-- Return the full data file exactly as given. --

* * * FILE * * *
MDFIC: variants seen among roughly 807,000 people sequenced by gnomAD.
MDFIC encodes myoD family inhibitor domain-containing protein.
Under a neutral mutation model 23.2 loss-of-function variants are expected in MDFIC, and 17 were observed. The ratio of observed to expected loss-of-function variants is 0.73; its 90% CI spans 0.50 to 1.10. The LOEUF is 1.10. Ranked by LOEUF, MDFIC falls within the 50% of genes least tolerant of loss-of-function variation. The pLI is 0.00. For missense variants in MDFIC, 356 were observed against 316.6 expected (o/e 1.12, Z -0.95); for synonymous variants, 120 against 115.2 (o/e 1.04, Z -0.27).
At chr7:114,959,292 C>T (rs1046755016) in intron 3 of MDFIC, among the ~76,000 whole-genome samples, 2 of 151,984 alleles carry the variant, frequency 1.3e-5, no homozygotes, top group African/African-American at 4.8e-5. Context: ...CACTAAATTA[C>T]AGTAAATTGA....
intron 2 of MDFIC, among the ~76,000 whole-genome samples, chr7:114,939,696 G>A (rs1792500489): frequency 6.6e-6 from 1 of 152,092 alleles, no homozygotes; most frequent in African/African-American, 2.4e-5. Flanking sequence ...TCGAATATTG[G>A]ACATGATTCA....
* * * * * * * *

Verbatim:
MDFIC: variants seen among roughly 807,000 people sequenced by gnomAD.
MDFIC encodes myoD family inhibitor domain-containing protein.
Under a neutral mutation model 23.2 loss-of-function variants are expected in MDFIC, and 17 were observed. The ratio of observed to expected loss-of-function variants is 0.73; its 90% CI spans 0.50 to 1.10. The LOEUF is 1.10. Ranked by LOEUF, MDFIC falls within the 50% of genes least tolerant of loss-of-function variation. The pLI is 0.00. For missense variants in MDFIC, 356 were observed against 316.6 expected (o/e 1.12, Z -0.95); for synonymous variants, 120 against 115.2 (o/e 1.04, Z -0.27).
At chr7:114,959,292 C>T (rs1046755016) in intron 3 of MDFIC, among the ~76,000 whole-genome samples, 2 of 151,984 alleles carry the variant, frequency 1.3e-5, no homozygotes, top group African/African-American at 4.8e-5. Context: ...CACTAAATTA[C>T]AGTAAATTGA....
intron 2 of MDFIC, among the ~76,000 whole-genome samples, chr7:114,939,696 G>A (rs1792500489): frequency 6.6e-6 from 1 of 152,092 alleles, no homozygotes; most frequent in African/African-American, 2.4e-5. Flanking sequence ...TCGAATATTG[G>A]ACATGATTCA....